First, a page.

The idea of granting full rights at the moment of conception has been gaining strength in recent years. Colorado voters have rejected a similar proposal twice, and personhood supporters are working to introduce ballot initiatives and legislation in Montana, Ohio, Alabama, Michigan, Nevada, California, Wisconsin, Oregon, and Florida.

While both pro-choice groups and a number of media sites spoke out strongly against Initiative 26, outgoing Republican governor Haley Barbour may have played a significant, if inadvertent, role in defeating the measure. Although Barbour expressed support for 26, he also called it “ambiguous” and admitted that he had “some concerns about it.”

Medical groups in the state also raised concerns about the initiative, as did a number of religious groups. Even some mainstream anti-choice organizations spoke out against the proposal, considering it a distraction to their goal of overturning Roe.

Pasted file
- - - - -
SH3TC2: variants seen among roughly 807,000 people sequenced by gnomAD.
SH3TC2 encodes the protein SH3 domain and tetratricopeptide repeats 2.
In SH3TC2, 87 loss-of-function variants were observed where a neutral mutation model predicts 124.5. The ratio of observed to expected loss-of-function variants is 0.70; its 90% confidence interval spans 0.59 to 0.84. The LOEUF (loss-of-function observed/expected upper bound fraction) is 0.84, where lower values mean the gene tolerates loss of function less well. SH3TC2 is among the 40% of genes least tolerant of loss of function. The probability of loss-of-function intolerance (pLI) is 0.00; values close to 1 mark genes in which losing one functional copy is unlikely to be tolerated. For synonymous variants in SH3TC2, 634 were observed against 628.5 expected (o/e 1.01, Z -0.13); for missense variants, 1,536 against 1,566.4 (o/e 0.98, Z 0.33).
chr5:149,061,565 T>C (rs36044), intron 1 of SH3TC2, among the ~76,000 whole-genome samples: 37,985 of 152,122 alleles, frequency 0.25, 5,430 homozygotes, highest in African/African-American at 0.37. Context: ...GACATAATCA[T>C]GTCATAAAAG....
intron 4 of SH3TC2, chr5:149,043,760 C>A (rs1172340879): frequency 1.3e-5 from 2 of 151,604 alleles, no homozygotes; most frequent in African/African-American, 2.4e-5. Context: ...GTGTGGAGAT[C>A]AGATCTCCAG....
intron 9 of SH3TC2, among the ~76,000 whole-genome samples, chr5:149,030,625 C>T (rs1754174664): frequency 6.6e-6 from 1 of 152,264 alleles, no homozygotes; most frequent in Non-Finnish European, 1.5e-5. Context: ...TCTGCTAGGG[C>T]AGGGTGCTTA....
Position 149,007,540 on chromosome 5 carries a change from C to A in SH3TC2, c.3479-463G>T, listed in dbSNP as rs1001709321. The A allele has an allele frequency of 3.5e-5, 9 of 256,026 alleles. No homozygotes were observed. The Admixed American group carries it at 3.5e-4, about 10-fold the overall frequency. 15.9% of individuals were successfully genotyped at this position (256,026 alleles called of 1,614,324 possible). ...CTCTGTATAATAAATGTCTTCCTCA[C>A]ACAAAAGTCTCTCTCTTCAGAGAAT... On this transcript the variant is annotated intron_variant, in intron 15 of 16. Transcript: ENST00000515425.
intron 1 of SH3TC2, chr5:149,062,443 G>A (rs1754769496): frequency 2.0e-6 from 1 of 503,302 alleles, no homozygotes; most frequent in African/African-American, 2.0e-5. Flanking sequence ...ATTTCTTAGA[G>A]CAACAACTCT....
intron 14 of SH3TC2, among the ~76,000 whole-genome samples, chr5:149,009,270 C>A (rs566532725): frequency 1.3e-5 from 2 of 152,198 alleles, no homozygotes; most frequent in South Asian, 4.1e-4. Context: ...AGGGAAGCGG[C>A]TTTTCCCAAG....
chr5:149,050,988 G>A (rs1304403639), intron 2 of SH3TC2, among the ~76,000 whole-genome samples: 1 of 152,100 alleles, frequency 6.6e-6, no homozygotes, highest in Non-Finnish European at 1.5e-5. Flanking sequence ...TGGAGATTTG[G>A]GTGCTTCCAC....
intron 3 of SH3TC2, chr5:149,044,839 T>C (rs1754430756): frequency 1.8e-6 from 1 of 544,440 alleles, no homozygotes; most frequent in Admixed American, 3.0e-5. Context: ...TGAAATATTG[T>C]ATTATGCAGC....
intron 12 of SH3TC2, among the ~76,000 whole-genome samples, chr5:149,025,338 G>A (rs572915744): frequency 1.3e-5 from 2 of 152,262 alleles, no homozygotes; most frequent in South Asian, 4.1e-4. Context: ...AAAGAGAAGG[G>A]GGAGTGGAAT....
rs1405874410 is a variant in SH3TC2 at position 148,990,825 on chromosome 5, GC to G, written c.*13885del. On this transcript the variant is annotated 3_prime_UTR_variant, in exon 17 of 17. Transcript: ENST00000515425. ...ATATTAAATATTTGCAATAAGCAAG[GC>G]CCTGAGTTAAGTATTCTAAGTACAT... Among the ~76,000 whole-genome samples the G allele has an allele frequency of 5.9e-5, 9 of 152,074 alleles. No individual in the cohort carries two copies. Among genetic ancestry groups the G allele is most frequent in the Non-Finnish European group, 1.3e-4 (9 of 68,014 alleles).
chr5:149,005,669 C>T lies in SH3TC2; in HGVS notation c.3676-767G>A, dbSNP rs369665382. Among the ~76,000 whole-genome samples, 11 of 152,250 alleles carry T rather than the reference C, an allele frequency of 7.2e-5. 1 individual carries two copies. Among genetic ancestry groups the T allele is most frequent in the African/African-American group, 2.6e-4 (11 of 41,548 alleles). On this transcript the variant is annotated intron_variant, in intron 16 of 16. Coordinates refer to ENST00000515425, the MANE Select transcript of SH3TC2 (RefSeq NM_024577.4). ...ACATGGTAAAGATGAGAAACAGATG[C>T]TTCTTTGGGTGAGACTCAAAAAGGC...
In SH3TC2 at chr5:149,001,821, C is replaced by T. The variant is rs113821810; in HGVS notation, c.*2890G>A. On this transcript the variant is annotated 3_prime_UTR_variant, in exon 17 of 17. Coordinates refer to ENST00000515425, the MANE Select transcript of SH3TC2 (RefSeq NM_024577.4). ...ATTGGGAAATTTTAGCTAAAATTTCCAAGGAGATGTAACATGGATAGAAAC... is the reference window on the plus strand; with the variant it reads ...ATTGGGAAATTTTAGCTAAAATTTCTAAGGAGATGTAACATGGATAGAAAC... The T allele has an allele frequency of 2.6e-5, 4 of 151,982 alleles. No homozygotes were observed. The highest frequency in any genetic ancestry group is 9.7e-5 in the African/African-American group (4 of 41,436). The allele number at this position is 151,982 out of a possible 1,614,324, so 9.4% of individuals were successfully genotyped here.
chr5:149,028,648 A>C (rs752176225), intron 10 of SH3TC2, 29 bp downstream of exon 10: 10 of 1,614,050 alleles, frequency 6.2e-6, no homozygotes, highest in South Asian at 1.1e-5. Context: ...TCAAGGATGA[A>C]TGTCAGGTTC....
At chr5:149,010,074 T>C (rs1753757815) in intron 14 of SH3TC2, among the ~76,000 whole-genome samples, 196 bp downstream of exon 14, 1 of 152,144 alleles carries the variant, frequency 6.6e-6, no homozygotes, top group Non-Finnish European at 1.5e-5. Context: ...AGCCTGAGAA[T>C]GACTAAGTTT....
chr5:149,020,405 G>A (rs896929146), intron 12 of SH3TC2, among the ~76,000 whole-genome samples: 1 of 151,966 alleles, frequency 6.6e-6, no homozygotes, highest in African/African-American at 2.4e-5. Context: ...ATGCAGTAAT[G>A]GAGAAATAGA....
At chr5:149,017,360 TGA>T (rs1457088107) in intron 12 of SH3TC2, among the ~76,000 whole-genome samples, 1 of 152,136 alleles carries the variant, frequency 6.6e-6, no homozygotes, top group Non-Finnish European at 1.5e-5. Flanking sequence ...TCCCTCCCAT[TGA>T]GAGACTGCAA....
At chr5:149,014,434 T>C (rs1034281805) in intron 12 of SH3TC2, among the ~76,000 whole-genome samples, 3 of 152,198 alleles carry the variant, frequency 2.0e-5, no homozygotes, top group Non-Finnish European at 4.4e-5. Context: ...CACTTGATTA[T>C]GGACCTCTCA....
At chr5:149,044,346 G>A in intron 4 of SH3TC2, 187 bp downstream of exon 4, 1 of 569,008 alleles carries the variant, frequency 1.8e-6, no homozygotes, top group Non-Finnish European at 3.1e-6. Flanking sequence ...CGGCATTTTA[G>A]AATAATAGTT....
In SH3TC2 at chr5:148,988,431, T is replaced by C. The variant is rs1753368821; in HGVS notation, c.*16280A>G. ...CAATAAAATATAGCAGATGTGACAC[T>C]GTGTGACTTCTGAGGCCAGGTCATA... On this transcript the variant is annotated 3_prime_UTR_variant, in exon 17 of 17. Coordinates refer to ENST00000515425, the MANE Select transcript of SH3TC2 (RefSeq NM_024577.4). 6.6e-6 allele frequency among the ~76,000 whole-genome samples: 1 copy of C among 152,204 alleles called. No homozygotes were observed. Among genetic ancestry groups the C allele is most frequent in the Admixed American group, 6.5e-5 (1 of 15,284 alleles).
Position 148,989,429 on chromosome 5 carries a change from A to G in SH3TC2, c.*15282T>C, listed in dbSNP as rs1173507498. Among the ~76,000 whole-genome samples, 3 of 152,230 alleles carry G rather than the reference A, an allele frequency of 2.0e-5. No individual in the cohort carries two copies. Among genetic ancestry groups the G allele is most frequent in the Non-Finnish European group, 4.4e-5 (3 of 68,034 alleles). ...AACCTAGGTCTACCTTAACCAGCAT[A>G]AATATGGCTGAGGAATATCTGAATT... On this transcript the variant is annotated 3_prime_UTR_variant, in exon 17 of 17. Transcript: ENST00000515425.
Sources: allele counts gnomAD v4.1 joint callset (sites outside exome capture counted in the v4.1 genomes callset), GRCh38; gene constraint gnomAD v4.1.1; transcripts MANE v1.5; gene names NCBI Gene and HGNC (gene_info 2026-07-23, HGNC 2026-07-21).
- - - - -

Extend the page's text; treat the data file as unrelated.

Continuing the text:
No doubt both pro- and anti-choice groups will be examining the Mississippi vote, and the weeks leading up to it, to see what lessons they can learn for future battles. But the biggest lesson may have been summed up by Cristen Hemmins, one of the most visible opponents of the amendment. “Whether or not you believe life begins at conception, this amendment goes too far. … It is too ambiguous. It seems so obvious to me that it is far-reaching and it is going to be big government getting all up in my uterus.”

Monday, November 7, 2011

Guaranteeing Access, One Dollar at a time

Written for Feminists for Choice, but applicable here too...